The former UKIP leader has reiterated his vow to return to front line politics, says the Express.

NIGEL FARAGE has vowed to return to politics if Brexit does not happen and accused Labour leader Jeremy Corbyn of colluding with Brussels over his U-turn on a customs union.
The former 
Ukip leader said he “would not rule out” coming back into the fray, saying: “If Brexit doesn’t happen then I will have no option.”
He accused Labour of collusion with the EU after Mr Corbyn called for the UK to remain in the customs union after Britain leaves the EU – contrary to what the party pledged in its manifesto last year. The Labour leader’s U-turn came after he paid a second visit to the EU’s chief negotiator Michel Barnier on October 19.
Just 11 days later arch Remainers Sir Nick Clegg, the former Lib Dem leader, Tory ex-chancellor Ken Clarke and Labour’s Lord Adonis also met Mr Barnier in Brussels.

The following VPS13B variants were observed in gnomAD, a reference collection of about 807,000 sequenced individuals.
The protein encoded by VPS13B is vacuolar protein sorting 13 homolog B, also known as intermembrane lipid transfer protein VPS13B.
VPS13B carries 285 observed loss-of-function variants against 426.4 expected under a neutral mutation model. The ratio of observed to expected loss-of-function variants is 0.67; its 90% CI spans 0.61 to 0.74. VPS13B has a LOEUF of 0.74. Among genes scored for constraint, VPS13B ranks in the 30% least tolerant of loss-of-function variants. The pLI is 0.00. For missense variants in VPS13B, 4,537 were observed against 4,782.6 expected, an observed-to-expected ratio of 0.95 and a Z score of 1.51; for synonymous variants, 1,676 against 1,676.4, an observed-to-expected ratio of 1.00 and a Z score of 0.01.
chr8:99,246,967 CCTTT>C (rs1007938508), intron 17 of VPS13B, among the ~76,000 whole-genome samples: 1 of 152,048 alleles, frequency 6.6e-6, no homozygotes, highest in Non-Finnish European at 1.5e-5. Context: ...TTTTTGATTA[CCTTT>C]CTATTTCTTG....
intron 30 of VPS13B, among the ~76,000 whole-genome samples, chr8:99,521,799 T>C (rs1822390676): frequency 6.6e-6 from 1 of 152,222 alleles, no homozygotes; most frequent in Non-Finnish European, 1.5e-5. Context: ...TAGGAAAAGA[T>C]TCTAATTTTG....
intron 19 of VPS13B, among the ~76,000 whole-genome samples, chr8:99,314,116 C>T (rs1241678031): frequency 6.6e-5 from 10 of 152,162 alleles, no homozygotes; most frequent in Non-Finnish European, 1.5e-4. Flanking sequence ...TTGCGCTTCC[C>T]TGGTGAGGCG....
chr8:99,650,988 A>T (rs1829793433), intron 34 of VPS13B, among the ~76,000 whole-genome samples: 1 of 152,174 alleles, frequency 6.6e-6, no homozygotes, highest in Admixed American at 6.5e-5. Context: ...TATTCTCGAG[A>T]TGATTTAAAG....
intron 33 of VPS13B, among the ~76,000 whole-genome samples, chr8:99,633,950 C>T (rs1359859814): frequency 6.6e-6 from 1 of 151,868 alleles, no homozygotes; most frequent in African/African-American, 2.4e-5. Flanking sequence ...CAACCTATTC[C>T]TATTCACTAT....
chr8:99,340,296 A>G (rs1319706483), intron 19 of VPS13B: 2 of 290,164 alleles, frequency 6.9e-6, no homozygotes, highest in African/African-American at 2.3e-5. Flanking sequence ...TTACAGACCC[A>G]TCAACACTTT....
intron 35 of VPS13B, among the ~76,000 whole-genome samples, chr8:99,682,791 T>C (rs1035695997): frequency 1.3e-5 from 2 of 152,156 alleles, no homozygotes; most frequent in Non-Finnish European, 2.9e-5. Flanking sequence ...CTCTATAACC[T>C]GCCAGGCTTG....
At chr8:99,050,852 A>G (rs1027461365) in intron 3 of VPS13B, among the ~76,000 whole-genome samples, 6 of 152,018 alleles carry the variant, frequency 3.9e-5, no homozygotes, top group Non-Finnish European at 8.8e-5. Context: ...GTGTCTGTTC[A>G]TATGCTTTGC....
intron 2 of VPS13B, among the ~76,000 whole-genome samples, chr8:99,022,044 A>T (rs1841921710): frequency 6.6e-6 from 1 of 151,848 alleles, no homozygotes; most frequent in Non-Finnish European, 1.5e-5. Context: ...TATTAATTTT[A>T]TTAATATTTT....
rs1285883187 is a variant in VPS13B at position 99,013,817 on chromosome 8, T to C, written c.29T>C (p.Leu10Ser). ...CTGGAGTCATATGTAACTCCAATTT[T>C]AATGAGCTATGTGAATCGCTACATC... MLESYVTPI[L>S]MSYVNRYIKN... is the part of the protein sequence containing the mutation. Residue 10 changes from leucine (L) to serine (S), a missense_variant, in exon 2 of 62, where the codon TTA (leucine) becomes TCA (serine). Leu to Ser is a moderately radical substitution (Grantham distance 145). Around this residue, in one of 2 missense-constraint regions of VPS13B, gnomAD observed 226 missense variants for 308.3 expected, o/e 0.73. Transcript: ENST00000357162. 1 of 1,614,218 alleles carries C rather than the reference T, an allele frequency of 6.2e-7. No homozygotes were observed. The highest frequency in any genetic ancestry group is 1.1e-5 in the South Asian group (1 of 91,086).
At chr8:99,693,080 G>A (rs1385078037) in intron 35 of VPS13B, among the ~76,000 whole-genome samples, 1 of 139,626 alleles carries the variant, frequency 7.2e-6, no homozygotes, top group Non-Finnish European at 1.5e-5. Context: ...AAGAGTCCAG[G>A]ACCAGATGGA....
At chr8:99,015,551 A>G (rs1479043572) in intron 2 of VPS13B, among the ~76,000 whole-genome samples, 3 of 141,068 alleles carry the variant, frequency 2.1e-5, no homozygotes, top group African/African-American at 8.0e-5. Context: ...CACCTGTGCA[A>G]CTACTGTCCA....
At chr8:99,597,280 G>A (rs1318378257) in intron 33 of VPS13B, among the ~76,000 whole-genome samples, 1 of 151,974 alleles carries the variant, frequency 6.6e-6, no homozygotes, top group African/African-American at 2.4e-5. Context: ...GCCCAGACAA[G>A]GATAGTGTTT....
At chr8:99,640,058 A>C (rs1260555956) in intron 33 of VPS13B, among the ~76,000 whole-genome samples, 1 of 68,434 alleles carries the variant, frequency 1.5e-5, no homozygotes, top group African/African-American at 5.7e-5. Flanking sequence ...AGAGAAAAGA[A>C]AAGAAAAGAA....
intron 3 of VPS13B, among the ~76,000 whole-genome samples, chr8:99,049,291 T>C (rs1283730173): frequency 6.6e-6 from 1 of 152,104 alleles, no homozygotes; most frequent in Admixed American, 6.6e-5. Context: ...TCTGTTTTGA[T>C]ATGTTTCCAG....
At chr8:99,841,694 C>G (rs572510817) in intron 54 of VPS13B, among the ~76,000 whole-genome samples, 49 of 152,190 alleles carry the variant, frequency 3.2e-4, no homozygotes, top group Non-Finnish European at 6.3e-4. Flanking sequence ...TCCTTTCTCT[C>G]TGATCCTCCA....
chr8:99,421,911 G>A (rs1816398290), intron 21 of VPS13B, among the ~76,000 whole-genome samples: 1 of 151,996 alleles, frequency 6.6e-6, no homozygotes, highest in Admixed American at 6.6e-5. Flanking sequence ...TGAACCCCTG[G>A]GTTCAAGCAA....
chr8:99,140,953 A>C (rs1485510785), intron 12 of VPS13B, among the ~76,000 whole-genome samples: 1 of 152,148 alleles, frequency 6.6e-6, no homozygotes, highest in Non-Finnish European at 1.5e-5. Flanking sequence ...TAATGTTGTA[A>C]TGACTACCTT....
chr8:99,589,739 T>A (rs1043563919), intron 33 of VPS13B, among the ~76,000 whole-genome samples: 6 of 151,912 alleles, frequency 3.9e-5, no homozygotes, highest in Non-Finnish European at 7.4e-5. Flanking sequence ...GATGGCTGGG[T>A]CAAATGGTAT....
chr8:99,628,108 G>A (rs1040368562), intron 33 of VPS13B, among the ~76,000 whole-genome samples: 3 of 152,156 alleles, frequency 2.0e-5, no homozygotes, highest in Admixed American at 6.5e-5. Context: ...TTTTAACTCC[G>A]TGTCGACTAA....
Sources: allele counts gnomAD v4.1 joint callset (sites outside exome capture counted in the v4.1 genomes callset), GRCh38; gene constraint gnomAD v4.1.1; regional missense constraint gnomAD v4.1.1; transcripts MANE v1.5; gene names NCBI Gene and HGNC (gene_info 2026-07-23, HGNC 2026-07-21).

Last week former prime minister Tony Blair met with the federalist Brexit coordinator for the EU Parliament Guy Verhofstadt.
Mr Farage said: “If you look at the timing of all this none of it is coincidental. It’s a co-ordinated attempt to bounce the UK into membership of a customs union, paving the way for us to remain in the single market too. The establishment has been working against Britain and with Brussels throughout this entire process.


The Sun claims an exclusive interview with Brexit Secretary David Davis.

BOLD. New. Positive. The Prime Minister used these words to describe Britain’s future outside the EU in her important speech on ­Friday.
And it’s the same upbeat approach we’ve taken throughout our negotiations with the EU, and one I’ve articulated to leaders right across Europe.
Because now is not the time to “do down” Britain.
We’re making good on that referendum result — the biggest democratic exercise this country has ever seen — and are fighting to get the best deal for the UK.
I’ve travelled the length and breadth of Europe in recent months to explain ­Britain’s ambitious and pragmatic vision of the future partnership  we want with the EU to government ministers and business leaders.